The general election is over a year away, but that has not prohibited the release of several polls from a specious methodology using the internet as measurement. Part of the reason that more news outlets are using this form of polling is because it’s cheap. It also helps organizations get cheap news publicity in a news cycle.
But are these forms of measurement reliable and generalizable? That’s the question because making informed choices and consuming the news based on some truth and verifiability is necessary for the voters. As political junkies it is nice to make informed rational opinions based on information that can he generalized to the entire populace.
At this point I am not convinced internet polling (non-probability polling) does that despite their grandiose claims.
The New York Times is chief among those offering glowing reports of the use of internet polls. This is because the NYT is the chief news organization that has employed the methodology of internet measurements (like from Google and Yougov). Indeed, the NYT hired one of the architects of the YouGov model to conduct their polls and write about them. Conflict of interest?
Yet the NYT claims, for the 2012 & 2014 cycle, internet polling was more accurate. This MAY be true, but one cycle does not constitute reliability over time. And, despite the problems with some probability polls, it does not mean non-probability polls are better or can even stand the test of time. There are problems with this method:
Internet polls, in most cases, use nonprobability sampling. They exclude households without Internet access; these tend to be older and lower-income Americans. Most online polls are also completed by people who opt to participate. Some participants sign up to complete online polls on websites that offer prizes such as gift cards to chain restaurants and movie theaters. Others are responding to ads placed on other websites that may or may not be related to the poll’s subject, a technique known as river sampling.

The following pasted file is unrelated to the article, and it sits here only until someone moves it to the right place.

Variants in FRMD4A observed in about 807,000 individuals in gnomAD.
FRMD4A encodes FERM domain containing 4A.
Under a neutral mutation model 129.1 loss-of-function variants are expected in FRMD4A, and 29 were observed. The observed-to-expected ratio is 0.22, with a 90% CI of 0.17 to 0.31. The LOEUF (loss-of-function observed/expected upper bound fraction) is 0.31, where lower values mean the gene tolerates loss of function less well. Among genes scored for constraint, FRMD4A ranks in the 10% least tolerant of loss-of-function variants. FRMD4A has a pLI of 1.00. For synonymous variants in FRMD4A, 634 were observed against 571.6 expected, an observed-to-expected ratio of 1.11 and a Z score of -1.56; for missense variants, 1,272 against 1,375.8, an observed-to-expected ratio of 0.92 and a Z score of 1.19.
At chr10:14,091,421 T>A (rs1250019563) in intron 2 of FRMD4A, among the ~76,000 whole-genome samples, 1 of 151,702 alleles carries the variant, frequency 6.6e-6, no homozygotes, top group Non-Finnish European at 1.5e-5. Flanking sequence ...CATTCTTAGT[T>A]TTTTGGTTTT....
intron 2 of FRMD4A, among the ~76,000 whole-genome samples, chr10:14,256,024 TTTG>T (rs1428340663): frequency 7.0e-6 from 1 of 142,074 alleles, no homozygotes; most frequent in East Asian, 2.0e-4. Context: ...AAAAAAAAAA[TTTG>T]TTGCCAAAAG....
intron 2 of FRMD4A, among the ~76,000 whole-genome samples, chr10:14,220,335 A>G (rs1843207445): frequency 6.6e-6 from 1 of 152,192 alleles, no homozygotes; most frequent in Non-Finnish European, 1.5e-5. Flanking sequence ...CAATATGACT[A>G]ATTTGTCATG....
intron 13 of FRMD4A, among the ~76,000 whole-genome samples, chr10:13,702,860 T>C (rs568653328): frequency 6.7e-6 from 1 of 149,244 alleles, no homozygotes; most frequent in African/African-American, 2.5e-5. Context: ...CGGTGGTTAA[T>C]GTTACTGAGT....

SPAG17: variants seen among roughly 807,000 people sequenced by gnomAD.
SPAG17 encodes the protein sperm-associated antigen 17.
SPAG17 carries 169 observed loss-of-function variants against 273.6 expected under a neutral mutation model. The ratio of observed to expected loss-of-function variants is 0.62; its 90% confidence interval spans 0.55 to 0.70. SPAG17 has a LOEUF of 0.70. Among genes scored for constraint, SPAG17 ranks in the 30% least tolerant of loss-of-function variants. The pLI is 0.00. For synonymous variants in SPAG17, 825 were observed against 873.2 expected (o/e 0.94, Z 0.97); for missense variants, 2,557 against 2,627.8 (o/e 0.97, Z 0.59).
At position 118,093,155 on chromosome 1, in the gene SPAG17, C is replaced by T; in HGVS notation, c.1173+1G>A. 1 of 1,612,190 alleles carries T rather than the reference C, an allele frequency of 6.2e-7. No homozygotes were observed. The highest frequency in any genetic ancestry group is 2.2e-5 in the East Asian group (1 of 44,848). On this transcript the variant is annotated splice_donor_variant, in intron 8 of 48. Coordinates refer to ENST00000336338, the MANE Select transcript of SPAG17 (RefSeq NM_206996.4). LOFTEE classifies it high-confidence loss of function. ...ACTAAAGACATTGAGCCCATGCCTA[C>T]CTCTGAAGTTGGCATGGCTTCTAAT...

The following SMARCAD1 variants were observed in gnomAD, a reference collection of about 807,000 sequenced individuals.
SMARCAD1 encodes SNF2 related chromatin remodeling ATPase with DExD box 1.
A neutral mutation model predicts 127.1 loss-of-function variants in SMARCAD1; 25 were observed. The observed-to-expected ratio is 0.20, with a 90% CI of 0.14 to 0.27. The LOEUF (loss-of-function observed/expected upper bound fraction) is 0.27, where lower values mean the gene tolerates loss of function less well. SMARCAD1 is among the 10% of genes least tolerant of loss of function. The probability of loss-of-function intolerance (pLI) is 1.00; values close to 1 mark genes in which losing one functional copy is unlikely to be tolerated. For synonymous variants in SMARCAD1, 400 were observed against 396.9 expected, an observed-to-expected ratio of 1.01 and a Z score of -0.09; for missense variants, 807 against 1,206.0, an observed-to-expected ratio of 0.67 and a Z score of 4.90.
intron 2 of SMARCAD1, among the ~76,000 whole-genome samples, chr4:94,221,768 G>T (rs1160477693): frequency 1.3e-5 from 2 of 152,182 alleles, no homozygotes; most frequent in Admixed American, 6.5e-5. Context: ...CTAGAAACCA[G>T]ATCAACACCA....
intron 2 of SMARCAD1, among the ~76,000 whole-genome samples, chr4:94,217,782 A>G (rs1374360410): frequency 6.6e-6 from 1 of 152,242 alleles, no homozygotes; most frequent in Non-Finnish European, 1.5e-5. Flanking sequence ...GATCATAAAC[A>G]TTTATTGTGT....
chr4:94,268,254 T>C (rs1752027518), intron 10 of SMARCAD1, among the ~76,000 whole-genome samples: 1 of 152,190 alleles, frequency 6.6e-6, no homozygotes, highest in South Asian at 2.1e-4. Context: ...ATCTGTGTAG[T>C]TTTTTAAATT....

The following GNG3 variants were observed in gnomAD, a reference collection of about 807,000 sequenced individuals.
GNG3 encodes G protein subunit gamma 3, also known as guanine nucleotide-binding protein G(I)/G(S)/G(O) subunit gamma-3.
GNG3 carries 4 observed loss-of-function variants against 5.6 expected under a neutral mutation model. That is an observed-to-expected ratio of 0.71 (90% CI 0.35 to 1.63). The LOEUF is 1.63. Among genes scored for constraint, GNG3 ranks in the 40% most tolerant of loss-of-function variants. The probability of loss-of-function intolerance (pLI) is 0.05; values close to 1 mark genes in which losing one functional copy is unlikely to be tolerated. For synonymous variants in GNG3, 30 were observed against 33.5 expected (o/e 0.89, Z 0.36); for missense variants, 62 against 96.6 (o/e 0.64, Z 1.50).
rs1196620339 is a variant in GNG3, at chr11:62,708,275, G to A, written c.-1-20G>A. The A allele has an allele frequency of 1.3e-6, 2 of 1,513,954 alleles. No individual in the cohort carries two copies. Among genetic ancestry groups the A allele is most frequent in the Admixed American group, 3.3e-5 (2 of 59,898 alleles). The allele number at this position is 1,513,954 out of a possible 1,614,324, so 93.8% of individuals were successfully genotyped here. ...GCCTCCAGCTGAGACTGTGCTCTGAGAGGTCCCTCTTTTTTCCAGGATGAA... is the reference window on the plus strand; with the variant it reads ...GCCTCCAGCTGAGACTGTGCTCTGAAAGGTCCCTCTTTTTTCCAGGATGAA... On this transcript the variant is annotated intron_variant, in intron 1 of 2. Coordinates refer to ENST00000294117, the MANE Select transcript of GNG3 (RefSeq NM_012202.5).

Self-selection is not random and a poll needs to be random to be generalizable, as Pew makes clear.
But even in this pro-non-probability story in the WaPo, it is noted the standard espoused by the AAPOR criticizes internet polling for several reasons–including the problems related to probability and openness (read ethical here in terms of verifiability from other scientists).
Pew continues to criticize the NYT decision to use non-probability and remains skeptical, but cautious in dismissing completely:
It’s still the case that people who don’t use the internet are different in many ways from those who do – in particular, they are older, poorer and less educated. But their dwindling numbers mean that their absence from a survey won’t make a huge difference in the findings on most questions. Still, we think it’s important to be able to describe our samples as “nationally representative” and try to make sure that they are whenever possible.
Some say internet users are more honest, and that may be, but what we need to replicate in polls is what happens in the voting booth, and every method will have its errors to contend with no matter the method. However, is the argument that more people are online persuasive? Do not those online have cell phones too?!
Online panels can be useful to be sure. And many businesses swear by them, but we are talking measurement of likely voters in an election. Probability polls have been off and have been spot on in the past. Non-Probability polls claim they have been more accurate than probability in the last two cycles:
It’s important to keep in mind that online non-probability panels vary in quality, just as probability-based surveys do. One of the most important points in the AAPOR Task Force report is that there’s no single consensus method for conducting “non-probability sampling.” There are many different approaches, and most of them don’t have the public record of performance that YouGov has. YouGov has been conducting public polls in elections for many years. As a result, they have a track record that can be compared with probability-based polls. Until we have more organizations conducting polls in advance of elections and explaining their methods in detail, I believe that adoption of non-probability sampling for political polling will proceed slowly.
I am highly suspicious of any self-selected non-probability poll even if those chosen in it are chosen at random. Some academics agree. There can be a lot of nefarious uses of the non-probability poll because it is so cheap–and that makes it like a cheap push poll that takes headlines for a day or so, thus driving the political rhetoric to areas the public really is not concerned or believes. That’s unethical.